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Last updated: Jul 15, 2024

Recovering a Deleted VMFS Datastore on VMware ESXi/vSphere

VMware's ESXi platform stands as a cornerstone solution for managing and orchestrating virtual machines (VMs). While the platform is robust and feature-rich, it is not immune to the pitfalls of accidental data deletions or corruptions. One such critical scenario is the unintended deletion of a VMFS (Virtual Machine File System) datastore. A VMFS datastore serves as a storage repository for hosting VMs, and losing it can be devastating, putting both data and operational continuity at risk.

This article is a comprehensive guide designed to walk you through the critical steps to recover a deleted VMFS datastore on VMware ESXi. Whether you are a system administrator, IT professional, or an advanced user looking to troubleshoot issues, this resource aims to provide you with practical instructions, best practices, and expert insights to aid in a swift and successful recovery.

By the end of this tutorial, you will understand:

  • What a VMFS datastore is and how it functions within VMware ESXi
  • Common scenarios that lead to datastore deletions
  • Prerequisites for VMFS datastore recovery
  • Step-by-step procedures for recovering a deleted VMFS datastore
  • Tips to prevent future data loss events

Our objective is to help you restore your VMFS datastore with minimal downtime and data loss, leveraging both built-in VMware utilities and third-party tools. So let's dive in and explore the road to recovery.

What a VMFS datastore is and how it functions within VMware ESXi

What is a VMFS Datastore?

VMFS (Virtual Machine File System) is a high-performance file system developed by VMware specifically for storing virtual machines. It is designed to provide strong performance, scalability, and capabilities that are optimized for virtual environments. A VMFS datastore is essentially a storage container that holds the files, folders, and disks that make up a virtual machine. This can include configuration files, virtual disk files (VMDKs), and other important data. Datastores can reside on a variety of storage types, including SAN (Storage Area Network), NAS (Network-Attached Storage), and local disks.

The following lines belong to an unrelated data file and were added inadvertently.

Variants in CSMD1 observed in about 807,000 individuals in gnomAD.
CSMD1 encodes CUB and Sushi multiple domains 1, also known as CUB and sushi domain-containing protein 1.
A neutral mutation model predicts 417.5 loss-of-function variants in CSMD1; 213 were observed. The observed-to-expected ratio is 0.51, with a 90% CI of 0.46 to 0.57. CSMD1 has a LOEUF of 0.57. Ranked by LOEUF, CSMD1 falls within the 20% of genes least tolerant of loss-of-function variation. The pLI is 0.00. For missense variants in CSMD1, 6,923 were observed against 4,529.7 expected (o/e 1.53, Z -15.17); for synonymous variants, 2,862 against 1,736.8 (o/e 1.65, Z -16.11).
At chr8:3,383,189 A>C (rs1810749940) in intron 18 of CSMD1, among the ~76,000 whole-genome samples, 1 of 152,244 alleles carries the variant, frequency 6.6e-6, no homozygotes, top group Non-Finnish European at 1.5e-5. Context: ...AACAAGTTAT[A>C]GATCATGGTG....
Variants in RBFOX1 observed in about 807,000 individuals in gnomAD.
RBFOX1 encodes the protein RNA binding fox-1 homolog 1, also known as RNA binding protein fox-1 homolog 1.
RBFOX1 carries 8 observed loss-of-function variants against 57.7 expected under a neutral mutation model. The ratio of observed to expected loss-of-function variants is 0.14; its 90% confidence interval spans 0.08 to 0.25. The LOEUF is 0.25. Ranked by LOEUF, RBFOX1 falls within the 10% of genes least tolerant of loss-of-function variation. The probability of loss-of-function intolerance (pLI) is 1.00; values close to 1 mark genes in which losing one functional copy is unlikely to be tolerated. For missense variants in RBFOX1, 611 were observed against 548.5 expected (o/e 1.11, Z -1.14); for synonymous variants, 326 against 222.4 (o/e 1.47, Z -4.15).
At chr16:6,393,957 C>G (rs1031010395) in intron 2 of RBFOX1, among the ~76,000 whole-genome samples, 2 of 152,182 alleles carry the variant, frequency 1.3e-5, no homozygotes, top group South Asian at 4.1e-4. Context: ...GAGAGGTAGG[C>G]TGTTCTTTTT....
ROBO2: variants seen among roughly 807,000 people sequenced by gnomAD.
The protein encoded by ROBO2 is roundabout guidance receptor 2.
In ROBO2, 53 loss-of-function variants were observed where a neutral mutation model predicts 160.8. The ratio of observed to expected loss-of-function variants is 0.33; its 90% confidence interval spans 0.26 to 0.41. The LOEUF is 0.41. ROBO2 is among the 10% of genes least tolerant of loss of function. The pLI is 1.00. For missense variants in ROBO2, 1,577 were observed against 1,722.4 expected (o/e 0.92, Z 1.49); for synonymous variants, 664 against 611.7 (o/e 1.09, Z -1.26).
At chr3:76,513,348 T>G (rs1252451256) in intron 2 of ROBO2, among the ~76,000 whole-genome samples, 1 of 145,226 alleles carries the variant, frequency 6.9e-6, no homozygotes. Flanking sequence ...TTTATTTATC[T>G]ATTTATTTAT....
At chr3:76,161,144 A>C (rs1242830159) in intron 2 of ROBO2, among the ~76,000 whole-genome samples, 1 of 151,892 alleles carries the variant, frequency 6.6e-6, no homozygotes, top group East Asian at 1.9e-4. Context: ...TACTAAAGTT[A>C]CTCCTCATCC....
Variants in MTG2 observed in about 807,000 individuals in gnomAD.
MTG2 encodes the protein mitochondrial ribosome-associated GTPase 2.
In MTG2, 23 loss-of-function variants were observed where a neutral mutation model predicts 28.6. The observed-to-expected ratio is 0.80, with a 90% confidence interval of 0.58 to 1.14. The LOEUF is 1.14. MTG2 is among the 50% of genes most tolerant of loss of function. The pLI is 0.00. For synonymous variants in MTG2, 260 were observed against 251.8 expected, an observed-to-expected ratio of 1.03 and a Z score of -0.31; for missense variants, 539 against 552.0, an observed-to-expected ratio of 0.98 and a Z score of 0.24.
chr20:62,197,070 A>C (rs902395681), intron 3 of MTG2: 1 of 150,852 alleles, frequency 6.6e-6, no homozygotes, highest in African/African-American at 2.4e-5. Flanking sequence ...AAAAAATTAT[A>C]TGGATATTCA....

How Does VMFS Function within VMware ESXi?

In a VMware ESXi environment, the VMFS datastore plays a critical role as the foundational storage layer. Here’s how it functions:

Centralized Storage:

VMFS datastores allow for centralized storage management, simplifying storage space allocation and de-allocation. Multiple ESXi hosts can read and write to the same VMFS datastore concurrently, making it easier to manage resources in a clustered environment.

Dynamic Scalability:

VMFS is highly scalable, supporting large storage capacities and numerous files. It enables dynamic growth of virtual disks, allowing for more efficient use of storage.

High Performance:

The VMFS file system is optimized for virtual machines, offering excellent performance even under high levels of load and concurrency. Features like hardware acceleration and advanced queuing mechanisms improve data access speeds.

Snapshot and Cloning Support:

VMFS includes built-in support for snapshots and cloning. Snapshots capture the state of a VM at a specific point in time, while cloning allows for the duplication of existing VMs. This is invaluable for backup, testing, and development scenarios.

Atomic Operations:

VMFS employs atomic test and set (ATS) operations to ensure that only one host can update a particular file or metadata at a given time. This ensures data integrity even in multi-host environments.

Fault Tolerance and Resiliency:

VMFS datastores are designed with fault tolerance in mind. Features like Distributed Resource Scheduler (DRS) and High Availability (HA) ensure that VMs can continue to run even if one or more ESXi hosts fail.

Simplified Management:

VMware provides a suite of management tools for handling VMFS datastores, including the vSphere Client, which offers a graphical interface, and ESXi Shell or Secure Shell (SSH) for command-line operations.